> found different BOMs used within the same product code for one manufacturer identified a near-5% difference in potential-induced degradation (PID) between the two BOM combinations.
Different batches within "the same product" can be made very differently, making it hard to buy for reliability since you can only determine this in retrospect. There's probably going to be an "IBM deathstar" or "capacitor plague" issue in the medium term. But it won't be very apparent outside the industry.
If you are financing a project and the degradation occurs faster but not at a rate of which it gets swapped out on warranty - you want something to cover that financial difference. Also swapping out the asset has costs that aren't covered - so it isn't as simple as it would seem.
It's the same as all insurance products - might need it, might not. At least in this case they put forward some real statistical data. And their comment that residential performs worse than commercial completely resonates given the LOE difference.
Insurance companies are well suited to study this EXACT thing and to come to a very correct answer. Also, if there were an independent expert who arrived at this same conslclusion, wouldn't you expect him/her to monetize their knowledge?
Now, what they communicate to customers is another thing. I bet they know very well what they are getting into... but I agree they aren't likely to be transparent with you about it.
It’s frustrating to see nonsense like this associated with seemingly every industry.
There's a reason why this "nonsense" is widespread across (usually capital intensive, commodity producing) industries, and it's usually not because of speculation.
I’ve never seen anyone claim a solar panel would last 40 years. Something is fishy.
This puts the entire study in a poor light.
Pricing insurance is a balancing act.
If you overestimate then your rates will not be competitive.
If you underestimate then you pay out more in claims then you collect in premiums.
As a consumer, I only want insurance if I think they've assessed the value to be lower than what I'd pay out of pocket to 'self insure.' As an insurance company, I want people the opposite, that reality of risk lies lower than what you think it is, so I can make money. I want a bunch of worried low risk people to pay overhead and marginal fees so my margins are frothier.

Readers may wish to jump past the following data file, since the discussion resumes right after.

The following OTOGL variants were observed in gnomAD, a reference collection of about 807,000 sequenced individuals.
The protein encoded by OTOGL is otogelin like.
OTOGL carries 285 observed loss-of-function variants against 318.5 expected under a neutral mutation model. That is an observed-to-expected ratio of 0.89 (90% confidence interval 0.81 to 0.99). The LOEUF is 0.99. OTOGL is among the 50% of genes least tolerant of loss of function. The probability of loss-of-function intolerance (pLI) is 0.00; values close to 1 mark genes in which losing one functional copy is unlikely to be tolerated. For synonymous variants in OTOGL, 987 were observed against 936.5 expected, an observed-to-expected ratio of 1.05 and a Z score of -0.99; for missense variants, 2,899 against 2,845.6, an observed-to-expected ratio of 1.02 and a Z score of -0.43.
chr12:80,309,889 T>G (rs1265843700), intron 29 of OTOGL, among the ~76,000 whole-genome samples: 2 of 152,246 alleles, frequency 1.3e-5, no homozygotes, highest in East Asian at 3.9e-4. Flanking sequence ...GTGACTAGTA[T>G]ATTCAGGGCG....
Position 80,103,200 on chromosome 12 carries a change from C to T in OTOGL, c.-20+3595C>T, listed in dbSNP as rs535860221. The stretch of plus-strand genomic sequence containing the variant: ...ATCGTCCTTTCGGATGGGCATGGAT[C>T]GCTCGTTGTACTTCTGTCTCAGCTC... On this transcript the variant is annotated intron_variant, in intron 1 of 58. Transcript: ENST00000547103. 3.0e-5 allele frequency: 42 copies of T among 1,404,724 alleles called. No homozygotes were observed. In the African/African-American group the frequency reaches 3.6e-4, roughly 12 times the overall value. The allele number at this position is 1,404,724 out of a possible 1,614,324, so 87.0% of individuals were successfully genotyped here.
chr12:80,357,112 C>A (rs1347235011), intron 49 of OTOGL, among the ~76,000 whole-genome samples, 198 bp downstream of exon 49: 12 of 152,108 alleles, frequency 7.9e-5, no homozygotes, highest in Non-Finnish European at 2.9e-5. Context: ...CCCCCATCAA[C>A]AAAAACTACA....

I don’t think that’s entirely right — the main value add of insurance is to the rare, mind numbingly expensive events — ER visits, crashing into a RR, house burning down, etc. You’re paying to minimize tail risk, including risk you couldn’t possibly self-insure against in reasonable time (my payments to insurance is not going to reach the value of my home — the bet is whether my home will ever burn down).
Regardless, it’s still a conflict of interest in this case
However you want to interpret insurance, there's clearly a conflict of interest that the business based entirely around assessing and managing risk publishes information that risk is higher than people thought and they are therefor more relevant as a business than people thought.
Consider a risk of losing $200 with probability 5% on an asset of $2000. The expected value of the loss is $10. So under your argument, if the insurance company charges over $10, it's worth it to self-insure. But what does self-insure actually mean? I assume it means keep $200 lying around. If you only keep $10 around then you won't have the money to actually fix the problem, and convert a loss of $200 (say, repair costs) to a loss of $2000. Under my values here it would take over 20 years' of premiums to build up what you would need to save to self-insure!
As a consumer, I pay a premium (literally) to get rid of the risk and cap my expenditures. So in my example, there is some price between $10 and $200 where the insurance company can profit and I still come out ahead because I can take $200-P and do something else with it.
Of course, you are still correct that within the $10 to $200 do have an interest in making you believe that the value of the insurance is on the higher end of the range than the lower.
Also, if an insurance company had perfect knowledge of future claims by being clairvoyant, they could charge a suitable risk premium to write policies where they wouldn’t lose any money, since they would also know how many policies they would be writing.
In this specific case where the firm is publishing research they have funded, there are essentially two interests or activities at play:
A. research to determine the extent of solar panel installation performance or lack thereof
B. selling financial products based on performance
Since interest B would be negatively impacted by a certain outcome from interest A (a finding that solar installation performance is optimal, in this case), that implies the firm's performance of activity A may have been affected in order to reduce negative impact to the firm overall.
We see this a lot in industry-funded research. Its not unusual. For example, recently a lot of airlines have funded studies about Covid19 spread in airplane cabins. To be published in a reputable journal, researchers are compelled to declare these interests in the cover page of their papers. Also, a good journalist will state this somewhere in their piece (normally at the top or the bottom, conventionally in italics).